The rest of Figure 3 shows some differences across geographical areas. Mobility reduction is low in Africa, possibly given lower living standards than in other continents and the nature of labour markets. Income support in African many countries does not manage to fill the mobility gap across regions and hardly affects the mobility reduction of the very poor. Indeed, the coverage is weak (i.e. new transfers reach less than 10% of the population in a majority of countries) and the overall expenses on emergency social protection are small – $8.3 billion (0.4% of the African GDP) over the year 2020 (Gentilini et al. 2020). For Latin America, we see that mobility gaps due to poverty are much more attenuated (light blue versus pink), with large mobility reduction due to containment measures in all type of regions.2 Nonetheless, for the higher-poverty regions in Latin American countries, the mobility difference due to emergency income support programmes is significant and consistent with the redistributive effort  – $52 billion (1.2% of the continent’s GDP, and an average transfer of $154 per capita over 2020).

Implications for the spread of Covid-19

We complete previous results with an estimation of the contagion spread on human mobility. Combined with the estimate relating mobility to poverty and income support, we obtain an assessment of how the virus diffusion rate varies with poverty and income support via increased workplace mobility. A one standard deviation difference in poverty rates between regions results in 25% more Covid-19 cases after five months. This difference is limited to 11% when income support is provided. 

The spread of Covid-19 and consequent restrictions on economic activity, notably through containment policies, pose a serious threat to the livelihoods of many of the most vulnerable families on the planet. Governments have responded to this with an unprecedented expansion of their social protection programmes and new transfers. Admittedly, government assistance was insufficient to sustain pre-crisis living standards and to prevent a sharp increase in food insecurity (Egger et al. 2021). Yet, we show that emergency support provided in response to the pandemic has substantially helped to reduce the exposure of the poor to the virus itself. A lot remains to be done in places where the intensity of support is low, notably in Africa where the average expenditure per capita was only $10 in 2020 (Gentilini et al. 2020). Further research will also have to provide more fine-grained information on policy options and their relative effectiveness in terms of health externalities.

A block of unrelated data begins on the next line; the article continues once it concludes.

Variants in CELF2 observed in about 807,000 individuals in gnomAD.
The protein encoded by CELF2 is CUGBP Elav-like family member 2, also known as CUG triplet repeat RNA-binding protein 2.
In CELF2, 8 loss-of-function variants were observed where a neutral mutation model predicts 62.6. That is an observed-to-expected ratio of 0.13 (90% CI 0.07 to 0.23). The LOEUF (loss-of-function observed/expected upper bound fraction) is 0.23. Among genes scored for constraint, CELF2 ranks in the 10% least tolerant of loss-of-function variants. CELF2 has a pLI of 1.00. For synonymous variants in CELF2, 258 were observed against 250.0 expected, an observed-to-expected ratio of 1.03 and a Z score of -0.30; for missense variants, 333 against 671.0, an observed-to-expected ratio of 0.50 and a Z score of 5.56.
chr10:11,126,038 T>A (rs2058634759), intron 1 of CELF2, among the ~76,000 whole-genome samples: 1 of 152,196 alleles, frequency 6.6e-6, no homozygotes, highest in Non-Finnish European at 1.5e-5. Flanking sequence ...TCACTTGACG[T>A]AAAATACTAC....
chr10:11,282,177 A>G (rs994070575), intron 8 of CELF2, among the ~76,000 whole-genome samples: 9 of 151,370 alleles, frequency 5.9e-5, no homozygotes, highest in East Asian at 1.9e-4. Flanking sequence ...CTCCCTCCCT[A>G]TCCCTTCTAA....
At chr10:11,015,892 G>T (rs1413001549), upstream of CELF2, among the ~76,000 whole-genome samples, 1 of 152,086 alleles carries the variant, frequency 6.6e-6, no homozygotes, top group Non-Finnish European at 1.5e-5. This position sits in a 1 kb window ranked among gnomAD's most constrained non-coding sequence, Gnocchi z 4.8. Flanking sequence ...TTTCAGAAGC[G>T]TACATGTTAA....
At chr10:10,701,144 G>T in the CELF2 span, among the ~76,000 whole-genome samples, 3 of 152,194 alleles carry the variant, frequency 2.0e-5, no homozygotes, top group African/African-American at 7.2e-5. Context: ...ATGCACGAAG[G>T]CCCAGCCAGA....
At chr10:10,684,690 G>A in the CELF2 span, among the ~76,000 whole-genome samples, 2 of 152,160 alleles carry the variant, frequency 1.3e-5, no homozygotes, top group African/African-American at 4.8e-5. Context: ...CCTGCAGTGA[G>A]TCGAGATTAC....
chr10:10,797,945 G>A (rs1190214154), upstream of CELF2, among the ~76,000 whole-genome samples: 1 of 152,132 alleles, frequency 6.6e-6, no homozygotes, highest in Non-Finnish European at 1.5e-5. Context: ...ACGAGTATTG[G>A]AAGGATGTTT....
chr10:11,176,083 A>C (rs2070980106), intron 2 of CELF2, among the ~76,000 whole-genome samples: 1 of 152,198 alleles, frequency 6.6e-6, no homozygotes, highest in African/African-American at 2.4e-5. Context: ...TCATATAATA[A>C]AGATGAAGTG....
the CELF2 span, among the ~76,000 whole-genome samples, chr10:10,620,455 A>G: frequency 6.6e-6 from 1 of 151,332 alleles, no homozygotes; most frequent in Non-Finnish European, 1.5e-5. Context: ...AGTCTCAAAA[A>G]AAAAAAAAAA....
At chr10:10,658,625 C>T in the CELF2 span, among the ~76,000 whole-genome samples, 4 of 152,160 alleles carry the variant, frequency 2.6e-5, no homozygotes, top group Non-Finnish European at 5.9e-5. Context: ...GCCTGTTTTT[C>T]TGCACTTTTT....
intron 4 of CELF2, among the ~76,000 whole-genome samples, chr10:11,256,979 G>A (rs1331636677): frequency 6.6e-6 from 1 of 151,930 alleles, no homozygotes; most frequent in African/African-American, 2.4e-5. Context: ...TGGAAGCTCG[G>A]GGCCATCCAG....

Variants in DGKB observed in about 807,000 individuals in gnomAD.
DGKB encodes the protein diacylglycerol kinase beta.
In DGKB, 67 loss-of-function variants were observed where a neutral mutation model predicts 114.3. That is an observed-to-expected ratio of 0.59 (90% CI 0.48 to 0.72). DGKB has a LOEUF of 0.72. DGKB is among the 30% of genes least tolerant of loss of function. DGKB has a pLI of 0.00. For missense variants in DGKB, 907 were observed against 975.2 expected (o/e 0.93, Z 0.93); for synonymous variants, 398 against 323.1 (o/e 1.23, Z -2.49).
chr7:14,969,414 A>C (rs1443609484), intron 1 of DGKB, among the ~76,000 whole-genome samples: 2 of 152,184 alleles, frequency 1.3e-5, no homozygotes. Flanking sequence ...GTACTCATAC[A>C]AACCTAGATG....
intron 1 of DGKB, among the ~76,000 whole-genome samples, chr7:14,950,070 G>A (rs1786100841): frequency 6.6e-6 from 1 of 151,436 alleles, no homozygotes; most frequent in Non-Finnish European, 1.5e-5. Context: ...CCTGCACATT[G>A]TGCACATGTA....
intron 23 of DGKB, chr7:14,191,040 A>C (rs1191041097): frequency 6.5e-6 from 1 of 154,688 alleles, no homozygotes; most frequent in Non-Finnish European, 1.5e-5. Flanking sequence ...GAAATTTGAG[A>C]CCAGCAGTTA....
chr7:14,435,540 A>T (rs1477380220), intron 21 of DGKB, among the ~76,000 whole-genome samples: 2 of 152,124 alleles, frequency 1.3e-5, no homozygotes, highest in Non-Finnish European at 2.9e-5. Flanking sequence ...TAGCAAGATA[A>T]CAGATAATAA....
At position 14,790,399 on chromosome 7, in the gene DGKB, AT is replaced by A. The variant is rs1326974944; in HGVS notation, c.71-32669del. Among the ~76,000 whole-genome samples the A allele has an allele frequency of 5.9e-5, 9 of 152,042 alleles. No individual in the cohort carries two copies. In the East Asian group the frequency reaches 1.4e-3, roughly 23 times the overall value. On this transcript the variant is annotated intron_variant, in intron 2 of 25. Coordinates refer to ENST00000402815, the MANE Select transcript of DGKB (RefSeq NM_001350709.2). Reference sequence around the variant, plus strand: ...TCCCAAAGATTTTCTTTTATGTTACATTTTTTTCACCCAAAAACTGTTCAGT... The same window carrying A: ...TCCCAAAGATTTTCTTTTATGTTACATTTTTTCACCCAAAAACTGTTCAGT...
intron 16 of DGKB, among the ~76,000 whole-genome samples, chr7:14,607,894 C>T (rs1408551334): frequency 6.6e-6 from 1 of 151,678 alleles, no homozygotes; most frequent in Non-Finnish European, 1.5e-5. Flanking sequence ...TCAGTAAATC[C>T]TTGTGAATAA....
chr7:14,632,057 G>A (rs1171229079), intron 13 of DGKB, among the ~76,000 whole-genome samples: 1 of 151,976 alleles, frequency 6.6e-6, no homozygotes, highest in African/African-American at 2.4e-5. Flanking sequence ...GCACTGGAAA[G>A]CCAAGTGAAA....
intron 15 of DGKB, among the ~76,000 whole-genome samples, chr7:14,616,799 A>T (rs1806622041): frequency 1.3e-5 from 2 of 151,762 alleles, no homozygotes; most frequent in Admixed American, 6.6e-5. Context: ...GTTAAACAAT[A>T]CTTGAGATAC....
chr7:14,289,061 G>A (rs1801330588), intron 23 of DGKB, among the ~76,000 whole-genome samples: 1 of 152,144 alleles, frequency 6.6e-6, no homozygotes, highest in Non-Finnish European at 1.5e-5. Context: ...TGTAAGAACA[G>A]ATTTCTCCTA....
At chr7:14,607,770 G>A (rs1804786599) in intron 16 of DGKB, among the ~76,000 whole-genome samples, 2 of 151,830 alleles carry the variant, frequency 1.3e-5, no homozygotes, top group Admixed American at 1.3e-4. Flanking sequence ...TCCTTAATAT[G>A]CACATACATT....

Aminjonov, U, O Bargain and T Bernard (2021), “Gimme Shelter. Social distancing and Income Support in times of Pandemic”, Bordeaux Economics Working Papers 2021-12.

Bargain, O and U Aminjonov (2021), “Poverty and COVID-19 in Africa and Latin America”, World Development 142: 105422.

Bennett, M, (2021), “All things equal? Heterogeneity in policy effectiveness against COVID-19 spread in Chile”, World Development 137: 105208.

Carlitz, R D and M N Makhura (2020), “Life under lockdown: Illustrating tradeoffs in South Africa’s response to COVID-19”, World Development 137: 105168.

Durizzo, K, E Asiedu, A Van der Merwe, A Van Niekerk and I Guenther (2021), “Managing the COVID-19 pandemic in poor urban neighborhoods: The case of Accra and Johannesburg”, World Development 137: 105175.

Egger, D, E Miguel, S Warren, A Shenoy, E Collins, D Karlan, D Parkerson, A M Mobarak, G Fink, C Udry, M Walker, J Haushofer, M Larreboure, S Athey, P Lopez-Pena, S Benhachmi, M Humphreys, L Lowe, N Meriggi and C Vernot (2021), “Falling living standards during the COVID-19 crisis: Quantitative evidence from nine developing countries”, Science Advances 7.

Gentilini, U, M Almenfi, P Dale, A V Lopez and U Zafar (2020), “Global Database on Social Protection and Jobs Responses to COVID-19”, World Bank.

Google (2020), “Google COVID-19 Community Mobility Reports”, 17 July 2020.

Hale, T, N Angrist, E Cameron-Blake, L Hallas, B Kira, S Majumdar, A Petherick, T Phillips, H Tatlow, S Webster (2020), “Oxford COVID-19 Government Response Tracker”, Blavatnik School of Government.

Papageorge, N W, M V Zahn, M Belot, E van den Broek-Altenburg, S Choi, J C Jamison and E Tripodi (2020), “Socio-Demographic Factors Associated with Self-Protecting Behavior during the COVID-19 Pandemic”, IZA Discussion Paper 13333.


1 Wright et al. (2020) show that US counties with lower levels of per-capita income record lower levels of compliance with stay-at-home orders. In new data for several Western countries, Papageorge et al. (2020) also find that people with lower income and an inability to tele-work were less likely to engage in behaviors that limit the spread of the disease.

2 These results are more contrasted, and aligned with the global picture, when Brazil is removed from the sample.